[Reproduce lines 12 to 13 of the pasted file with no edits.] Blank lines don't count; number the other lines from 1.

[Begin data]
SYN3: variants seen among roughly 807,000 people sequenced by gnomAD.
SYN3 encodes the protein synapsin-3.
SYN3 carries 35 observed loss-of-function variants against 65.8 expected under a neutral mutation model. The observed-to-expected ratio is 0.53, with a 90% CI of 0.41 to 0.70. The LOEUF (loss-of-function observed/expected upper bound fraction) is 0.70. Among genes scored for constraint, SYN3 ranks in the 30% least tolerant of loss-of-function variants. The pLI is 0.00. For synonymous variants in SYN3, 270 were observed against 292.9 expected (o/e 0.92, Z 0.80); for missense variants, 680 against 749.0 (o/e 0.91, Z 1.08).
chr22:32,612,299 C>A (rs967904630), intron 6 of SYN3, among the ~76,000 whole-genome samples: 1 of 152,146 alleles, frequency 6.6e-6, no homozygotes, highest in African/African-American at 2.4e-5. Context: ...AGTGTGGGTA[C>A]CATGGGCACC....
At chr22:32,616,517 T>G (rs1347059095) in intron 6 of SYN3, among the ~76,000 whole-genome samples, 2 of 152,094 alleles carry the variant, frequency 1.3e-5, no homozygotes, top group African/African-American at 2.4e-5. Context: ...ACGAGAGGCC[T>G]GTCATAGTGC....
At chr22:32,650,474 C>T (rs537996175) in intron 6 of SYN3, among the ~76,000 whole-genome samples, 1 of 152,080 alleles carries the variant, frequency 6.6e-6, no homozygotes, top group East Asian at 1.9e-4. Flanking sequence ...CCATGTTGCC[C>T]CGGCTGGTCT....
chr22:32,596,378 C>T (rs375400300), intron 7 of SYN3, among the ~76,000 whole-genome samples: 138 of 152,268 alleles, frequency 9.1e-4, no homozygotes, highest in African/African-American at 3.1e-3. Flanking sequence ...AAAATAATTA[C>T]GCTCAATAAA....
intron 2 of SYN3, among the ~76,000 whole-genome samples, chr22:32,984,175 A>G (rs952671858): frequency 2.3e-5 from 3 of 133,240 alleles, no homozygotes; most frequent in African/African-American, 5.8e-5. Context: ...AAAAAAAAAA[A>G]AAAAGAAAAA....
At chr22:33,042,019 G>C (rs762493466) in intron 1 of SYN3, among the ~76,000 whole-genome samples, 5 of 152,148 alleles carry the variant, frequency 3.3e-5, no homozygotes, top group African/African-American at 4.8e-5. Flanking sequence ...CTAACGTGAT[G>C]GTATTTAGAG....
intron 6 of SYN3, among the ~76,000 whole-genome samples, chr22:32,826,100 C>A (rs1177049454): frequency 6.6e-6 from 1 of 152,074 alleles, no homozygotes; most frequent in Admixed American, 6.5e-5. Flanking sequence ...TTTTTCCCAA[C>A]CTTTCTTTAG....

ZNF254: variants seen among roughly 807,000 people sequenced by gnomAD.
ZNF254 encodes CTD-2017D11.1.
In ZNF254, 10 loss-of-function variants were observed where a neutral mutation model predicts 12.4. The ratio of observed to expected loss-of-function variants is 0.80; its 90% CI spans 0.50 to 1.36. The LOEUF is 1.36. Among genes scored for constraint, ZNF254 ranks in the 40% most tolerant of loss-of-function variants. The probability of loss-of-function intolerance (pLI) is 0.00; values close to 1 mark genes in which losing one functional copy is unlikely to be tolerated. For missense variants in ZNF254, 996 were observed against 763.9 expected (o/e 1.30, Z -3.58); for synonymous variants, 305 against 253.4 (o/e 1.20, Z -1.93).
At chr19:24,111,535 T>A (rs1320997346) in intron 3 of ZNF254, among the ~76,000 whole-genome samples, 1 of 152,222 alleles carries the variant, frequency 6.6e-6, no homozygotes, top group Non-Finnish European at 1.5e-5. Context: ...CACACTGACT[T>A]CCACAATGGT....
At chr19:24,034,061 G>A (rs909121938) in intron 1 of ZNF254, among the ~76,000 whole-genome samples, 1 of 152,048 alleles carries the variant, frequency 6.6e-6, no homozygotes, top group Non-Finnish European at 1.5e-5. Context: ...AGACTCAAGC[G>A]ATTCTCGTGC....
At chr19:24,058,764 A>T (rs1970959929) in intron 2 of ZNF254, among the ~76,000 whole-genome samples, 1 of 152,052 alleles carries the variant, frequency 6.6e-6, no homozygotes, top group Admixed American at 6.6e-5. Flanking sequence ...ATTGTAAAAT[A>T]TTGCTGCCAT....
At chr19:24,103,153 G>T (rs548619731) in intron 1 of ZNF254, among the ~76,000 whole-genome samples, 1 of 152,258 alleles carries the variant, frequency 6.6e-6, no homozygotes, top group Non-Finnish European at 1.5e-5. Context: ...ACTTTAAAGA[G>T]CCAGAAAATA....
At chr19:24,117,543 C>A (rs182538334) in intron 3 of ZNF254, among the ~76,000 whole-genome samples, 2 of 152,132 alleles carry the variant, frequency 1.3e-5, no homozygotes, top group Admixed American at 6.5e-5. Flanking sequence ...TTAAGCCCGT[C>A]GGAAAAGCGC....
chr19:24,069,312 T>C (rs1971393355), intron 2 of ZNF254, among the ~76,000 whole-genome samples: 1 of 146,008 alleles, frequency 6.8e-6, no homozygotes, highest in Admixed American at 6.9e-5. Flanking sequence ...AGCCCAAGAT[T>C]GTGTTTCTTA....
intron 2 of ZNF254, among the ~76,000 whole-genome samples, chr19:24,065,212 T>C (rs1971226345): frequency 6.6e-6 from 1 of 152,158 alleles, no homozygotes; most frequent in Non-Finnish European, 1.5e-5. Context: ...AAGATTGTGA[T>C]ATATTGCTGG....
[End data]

ZNF254 encodes CTD-2017D11.1.
In ZNF254, 10 loss-of-function variants were observed where a neutral mutation model predicts 12.4. The ratio of observed to expected loss-of-function variants is 0.80; its 90% CI spans 0.50 to 1.36. The LOEUF is 1.36. Among genes scored for constraint, ZNF254 ranks in the 40% most tolerant of loss-of-function variants. The probability of loss-of-function intolerance (pLI) is 0.00; values close to 1 mark genes in which losing one functional copy is unlikely to be tolerated. For missense variants in ZNF254, 996 were observed against 763.9 expected (o/e 1.30, Z -3.58); for synonymous variants, 305 against 253.4 (o/e 1.20, Z -1.93).